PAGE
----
In the case of free energy inventions, when they clearly violate the known laws of physics, they must be viewed very skeptically. It doesn’t matter who believes in them, what fantastic story is told about how the auto manufacturers strong-armed them out of business (or the oil companies), or how realistic it appears, it is very, very, very likely to be a hoax. Human gullibility knows no bounds, nor does human ingenuity to fool and exploit it.
Houdini spent years debunking séances. James Randi does the same with charlatans today. By all means keep an open mind, but when something sounds to good to be true, it probably is.
In the case of the moon landing, just because the government … Read the rest
Also posted in General
This fascinating video shows how lumber was harvested from giant redwood trees before the chainsaw.
Nowadays, some people get smug about how advanced we are. We might have some high-tech gadgets, but are we better for them, or worse? Looking at these fellows scaling a tree almost as fast as one can walk, and then to chop it down with an ax while suspended from its trunk is absolutely amazing.
Modern technology has not made us any better. In most cases, it simply removes the requirement of skill. Anyone can fell a tree with a chainsaw, but how many can fell in with a foot or two of precision as these guys could?
If we are to be more self-sufficient and less reliant on corporations and experts, we must learn new skills. Avoiding technology is not an advantage as some may think. What is important is not avoiding technology, but rather avoiding learning useful skills and relying on technology as a crutch.
We must be the master of technology, not its slave. Thoughts anyone?… Read the rest
Also posted in Skills
Have you ever wondered how digital cameras detect faces? If you thought that computer vision was rocket science and too difficult, that notion is no longer true.
There is this wonderful open source library called OpenCV that runs on Windows, Linux, Mac, iOS, Android and now RaspberryPi. Sophisticated visual algorithms are no longer limited to only high performance desktop computers. Using either your smartphone or a RaspberryPi, you can embed image detection in everyday life.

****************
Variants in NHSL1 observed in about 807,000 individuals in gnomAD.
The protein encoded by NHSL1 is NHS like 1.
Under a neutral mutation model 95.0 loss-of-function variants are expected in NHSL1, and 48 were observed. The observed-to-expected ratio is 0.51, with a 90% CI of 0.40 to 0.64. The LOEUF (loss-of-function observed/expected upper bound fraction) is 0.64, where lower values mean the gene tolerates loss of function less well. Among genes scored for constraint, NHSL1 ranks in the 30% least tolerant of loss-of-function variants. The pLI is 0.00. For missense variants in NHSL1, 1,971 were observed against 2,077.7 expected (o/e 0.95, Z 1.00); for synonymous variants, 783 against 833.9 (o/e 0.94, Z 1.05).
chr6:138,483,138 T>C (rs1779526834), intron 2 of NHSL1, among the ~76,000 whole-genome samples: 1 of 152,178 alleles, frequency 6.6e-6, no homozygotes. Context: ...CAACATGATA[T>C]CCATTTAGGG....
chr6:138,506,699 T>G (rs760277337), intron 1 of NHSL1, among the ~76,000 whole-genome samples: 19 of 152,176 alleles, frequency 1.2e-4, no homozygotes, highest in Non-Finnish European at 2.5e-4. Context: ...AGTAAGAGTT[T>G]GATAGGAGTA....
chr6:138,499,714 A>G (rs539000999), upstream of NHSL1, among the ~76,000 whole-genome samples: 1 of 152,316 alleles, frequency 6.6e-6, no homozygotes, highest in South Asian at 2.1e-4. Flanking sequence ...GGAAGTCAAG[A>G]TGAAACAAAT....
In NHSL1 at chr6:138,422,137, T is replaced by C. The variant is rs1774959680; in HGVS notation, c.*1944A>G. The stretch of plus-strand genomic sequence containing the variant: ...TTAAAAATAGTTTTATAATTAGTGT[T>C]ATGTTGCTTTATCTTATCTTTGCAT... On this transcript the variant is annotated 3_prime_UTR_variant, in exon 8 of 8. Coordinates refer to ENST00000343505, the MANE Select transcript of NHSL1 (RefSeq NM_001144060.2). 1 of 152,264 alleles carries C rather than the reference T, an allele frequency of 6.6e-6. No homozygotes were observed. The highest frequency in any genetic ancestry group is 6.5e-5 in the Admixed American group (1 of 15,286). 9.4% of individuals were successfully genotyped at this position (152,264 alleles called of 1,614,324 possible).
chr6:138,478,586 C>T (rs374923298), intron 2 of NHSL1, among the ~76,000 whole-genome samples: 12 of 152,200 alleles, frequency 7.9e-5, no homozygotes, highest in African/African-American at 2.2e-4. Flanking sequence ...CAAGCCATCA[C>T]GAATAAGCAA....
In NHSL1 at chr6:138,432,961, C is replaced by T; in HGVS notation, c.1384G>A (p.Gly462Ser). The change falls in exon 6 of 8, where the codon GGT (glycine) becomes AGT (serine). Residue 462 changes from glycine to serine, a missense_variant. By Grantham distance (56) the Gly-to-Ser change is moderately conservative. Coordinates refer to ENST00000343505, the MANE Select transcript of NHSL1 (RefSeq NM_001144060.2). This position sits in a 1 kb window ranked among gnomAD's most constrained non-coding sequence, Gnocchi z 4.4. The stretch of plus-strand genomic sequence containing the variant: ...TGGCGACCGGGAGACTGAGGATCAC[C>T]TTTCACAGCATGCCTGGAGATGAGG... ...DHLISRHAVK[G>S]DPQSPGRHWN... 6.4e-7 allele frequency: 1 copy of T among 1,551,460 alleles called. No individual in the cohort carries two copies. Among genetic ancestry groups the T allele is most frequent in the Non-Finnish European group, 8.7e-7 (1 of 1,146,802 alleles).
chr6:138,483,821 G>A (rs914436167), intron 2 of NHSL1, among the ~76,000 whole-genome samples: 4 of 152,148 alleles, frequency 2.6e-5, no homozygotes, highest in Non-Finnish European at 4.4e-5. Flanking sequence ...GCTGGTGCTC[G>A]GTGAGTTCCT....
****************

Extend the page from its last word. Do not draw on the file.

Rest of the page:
To get started, download the software needed for your device. Here are some nice tutorials to get you up to speed on using it.
Anyone using OpenCV? What are you doing with it?… Read the rest
Posted in Tech
I have been wanting a 10″ Android tablet, but they have always been too expensive. Sure, there have always been cheap Chinese knockoffs, but they have always been pretty junky affairs – until now.
My family recently bought me a . While this manufacturer does cut some corners, amazingly it didn’t cut the ones that count. It sports stereo speakers that sound better than the original Kindle Fire and has more memory as well. It even has a front facing camera and an HDMI output jack. Speed is decent and WiFi works just fine. It lacks the sensors of high end tablets and cell phones, but does have a microphone and accelerometer. It is perfect for viewing movies, PDF files, web browsing and Skype – typical tablet stuff. It also has USB input so you can easily attach a keyboard as well. You can also charge it via USB as well as using the supplied fast charger.
As for the downsides, there are remarkably few. Its ARM-based processor is only single core, and battery life is a tad less than the Kindle Fire, but decent. The biggest issue with this tablet is the lack of the Google Play store. Polaroid … Read the rest